Forum for Science, Industry and Business

Sponsored by:     3M 
Search our Site:

 

An invasion of cheats: The evolution of worthless nuptial gifts

11.01.2005


So-called nuptial gifts – often consisting of food or tokens – are typically bestowed by males on females as part of courtship and copulation rituals in many species. By manipulating the nuptial gifts that female insects receive during copulation, researchers have now shown that female preferences can be exploited by males who are "cheating" on their reproductive investment by presenting easily obtainable token gifts.





Gift-giving during courtship and copulation occurs across the animal kingdom, including in humans. Nuptial gifts can range from valuable nutritious food items to inedible tokens such as leaves or silk balloons. Gift-giving is of clear benefit to females when gifts are nutritious and thus valuable, but why females of some species require an inedible and worthless gift remains unexplained. In experiments reported this week, researchers Natasha LeBas and Leon Hockham from the University of St. Andrews removed the valuable (i.e., edible) nuptial gift that male empidid dance flies normally provide their female partner and replaced the gift with either a large edible gift or an inedible cotton ball token that resembles tokens given by other empidid fly species. The researchers found that although pairs copulated longest after presentation of a large edible gift, the females receiving the worthless cotton ball token were sufficiently tricked to allow males to copulate for as long as when the males provided a small nutritious gift. Males who substitute highly visible, but easily obtainable and worthless gifts may thus be able to invade a population of genuine gift-giving males.

The research demonstrates that, at least in some cases, females are susceptible to the invasion of so-called male cheating behaviour, and it suggests that the evolution of worthless gift-giving may arise though males’ sensory exploitation of female preferences for nutritious gifts.


Natasha R. LeBas and Leon R. Hockham: "An Invasion of Cheats: The Evolution of Worthless Nuptial Gifts"

Heidi Hardman | EurekAlert!
Further information:
http://www.cell.com
http://www.current-biology.com

More articles from Life Sciences:

nachricht A new molecular player involved in T cell activation
07.12.2018 | Tokyo Institute of Technology

nachricht News About a Plant Hormone
07.12.2018 | Julius-Maximilians-Universität Würzburg

All articles from Life Sciences >>>

The most recent press releases about innovation >>>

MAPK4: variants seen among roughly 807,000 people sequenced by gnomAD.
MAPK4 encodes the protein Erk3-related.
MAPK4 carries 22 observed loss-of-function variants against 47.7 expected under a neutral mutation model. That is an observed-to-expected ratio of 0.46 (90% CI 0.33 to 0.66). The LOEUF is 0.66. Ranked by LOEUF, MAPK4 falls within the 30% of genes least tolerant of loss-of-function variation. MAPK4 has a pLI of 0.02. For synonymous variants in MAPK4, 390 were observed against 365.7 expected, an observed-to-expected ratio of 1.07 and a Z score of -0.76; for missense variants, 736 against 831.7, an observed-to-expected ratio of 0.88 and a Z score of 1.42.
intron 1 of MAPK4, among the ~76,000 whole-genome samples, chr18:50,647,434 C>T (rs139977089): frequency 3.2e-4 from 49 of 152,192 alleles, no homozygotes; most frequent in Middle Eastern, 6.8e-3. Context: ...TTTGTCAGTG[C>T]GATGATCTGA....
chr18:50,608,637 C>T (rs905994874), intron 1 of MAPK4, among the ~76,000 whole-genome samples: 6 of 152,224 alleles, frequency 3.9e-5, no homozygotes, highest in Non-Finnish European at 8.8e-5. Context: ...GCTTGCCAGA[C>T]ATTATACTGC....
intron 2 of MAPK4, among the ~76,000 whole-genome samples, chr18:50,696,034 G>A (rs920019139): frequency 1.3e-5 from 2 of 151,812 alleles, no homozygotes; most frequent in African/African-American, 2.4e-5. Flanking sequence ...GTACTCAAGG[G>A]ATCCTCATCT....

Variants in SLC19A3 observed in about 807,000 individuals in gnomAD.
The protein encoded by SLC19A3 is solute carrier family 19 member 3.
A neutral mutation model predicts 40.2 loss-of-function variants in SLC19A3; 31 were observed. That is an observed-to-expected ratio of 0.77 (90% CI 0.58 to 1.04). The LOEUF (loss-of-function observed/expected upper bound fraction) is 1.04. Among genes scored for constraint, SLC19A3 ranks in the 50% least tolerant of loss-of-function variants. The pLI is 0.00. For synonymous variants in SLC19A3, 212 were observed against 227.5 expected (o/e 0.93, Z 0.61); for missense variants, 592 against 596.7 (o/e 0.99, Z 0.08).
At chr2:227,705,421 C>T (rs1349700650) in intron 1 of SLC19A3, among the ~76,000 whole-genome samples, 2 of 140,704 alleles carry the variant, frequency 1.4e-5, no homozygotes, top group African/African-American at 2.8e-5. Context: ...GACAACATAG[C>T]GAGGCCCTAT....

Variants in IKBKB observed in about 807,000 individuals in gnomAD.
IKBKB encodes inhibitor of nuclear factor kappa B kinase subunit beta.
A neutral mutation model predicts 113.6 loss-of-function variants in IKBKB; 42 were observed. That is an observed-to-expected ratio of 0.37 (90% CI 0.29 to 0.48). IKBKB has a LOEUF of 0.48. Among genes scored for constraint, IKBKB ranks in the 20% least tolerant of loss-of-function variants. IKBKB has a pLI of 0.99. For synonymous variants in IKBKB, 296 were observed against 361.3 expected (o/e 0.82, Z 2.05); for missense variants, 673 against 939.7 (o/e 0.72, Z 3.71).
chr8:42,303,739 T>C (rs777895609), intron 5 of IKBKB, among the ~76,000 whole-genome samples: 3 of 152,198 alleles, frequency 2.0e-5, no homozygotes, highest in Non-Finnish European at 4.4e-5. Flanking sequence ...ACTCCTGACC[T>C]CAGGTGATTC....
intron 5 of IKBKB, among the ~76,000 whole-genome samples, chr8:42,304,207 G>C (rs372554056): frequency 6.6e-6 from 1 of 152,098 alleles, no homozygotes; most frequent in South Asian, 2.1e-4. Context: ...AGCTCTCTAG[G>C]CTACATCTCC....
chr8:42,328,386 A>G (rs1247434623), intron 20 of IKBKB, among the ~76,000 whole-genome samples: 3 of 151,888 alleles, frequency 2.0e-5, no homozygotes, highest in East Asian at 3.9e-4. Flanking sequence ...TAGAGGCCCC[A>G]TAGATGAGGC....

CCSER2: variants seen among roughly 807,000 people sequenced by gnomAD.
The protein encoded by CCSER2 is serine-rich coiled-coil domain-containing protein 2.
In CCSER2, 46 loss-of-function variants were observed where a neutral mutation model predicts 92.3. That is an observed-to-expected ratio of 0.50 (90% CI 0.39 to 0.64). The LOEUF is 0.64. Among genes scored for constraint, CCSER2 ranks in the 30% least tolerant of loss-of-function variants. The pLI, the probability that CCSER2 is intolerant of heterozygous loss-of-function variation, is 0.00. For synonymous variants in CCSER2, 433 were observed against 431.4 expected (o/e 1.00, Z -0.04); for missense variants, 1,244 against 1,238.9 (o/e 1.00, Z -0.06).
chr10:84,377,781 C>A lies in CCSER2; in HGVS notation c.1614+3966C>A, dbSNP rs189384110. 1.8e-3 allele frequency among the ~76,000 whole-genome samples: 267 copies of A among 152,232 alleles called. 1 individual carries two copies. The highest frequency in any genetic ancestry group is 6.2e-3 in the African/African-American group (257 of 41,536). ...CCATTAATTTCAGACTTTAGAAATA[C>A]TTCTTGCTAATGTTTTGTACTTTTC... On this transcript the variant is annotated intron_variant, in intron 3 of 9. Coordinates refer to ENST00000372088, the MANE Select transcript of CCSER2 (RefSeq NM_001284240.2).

Die letzten 5 Focus-News des innovations-reports im Überblick:

Im Focus: Researchers develop method to transfer entire 2D circuits to any smooth surface

What if a sensor sensing a thing could be part of the thing itself? Rice University engineers believe they have a two-dimensional solution to do just that.

Rice engineers led by materials scientists Pulickel Ajayan and Jun Lou have developed a method to make atom-flat sensors that seamlessly integrate with devices...

Im Focus: Three components on one chip

Scientists at the University of Stuttgart and the Karlsruhe Institute of Technology (KIT) succeed in important further development on the way to quantum Computers.

Quantum computers one day should be able to solve certain computing problems much faster than a classical computer. One of the most promising approaches is...

Im Focus: Substitute for rare earth metal oxides

New Project SNAPSTER: Novel luminescent materials by encapsulating phosphorescent metal clusters with organic liquid crystals

Nowadays energy conversion in lighting and optoelectronic devices requires the use of rare earth oxides.

Im Focus: A bit of a stretch... material that thickens as it's pulled

Scientists have discovered the first synthetic material that becomes thicker - at the molecular level - as it is stretched.

Researchers led by Dr Devesh Mistry from the University of Leeds discovered a new non-porous material that has unique and inherent "auxetic" stretching...

Im Focus: The force of the vacuum

Scientists from the Theory Department of the Max Planck Institute for the Structure and Dynamics of Matter (MPSD) at the Center for Free-Electron Laser Science (CFEL) in Hamburg have shown through theoretical calculations and computer simulations that the force between electrons and lattice distortions in an atomically thin two-dimensional superconductor can be controlled with virtual photons. This could aid the development of new superconductors for energy-saving devices and many other technical applications.

The vacuum is not empty. It may sound like magic to laypeople but it has occupied physicists since the birth of quantum mechanics.

All Focus news of the innovation-report >>>

Anzeige

Anzeige

VideoLinks
Industry & Economy
Event News

EGU 2019 meeting: Media registration now open

06.12.2018 | Event News

Expert Panel on the Future of HPC in Engineering

03.12.2018 | Event News

Inaugural "Virtual World Tour" scheduled for december

28.11.2018 | Event News

 
Latest News

A new molecular player involved in T cell activation

07.12.2018 | Life Sciences

High-temperature electronics? That's hot

07.12.2018 | Materials Sciences

Supercomputers without waste heat

07.12.2018 | Physics and Astronomy

VideoLinks
Science & Research
Overview of more VideoLinks >>>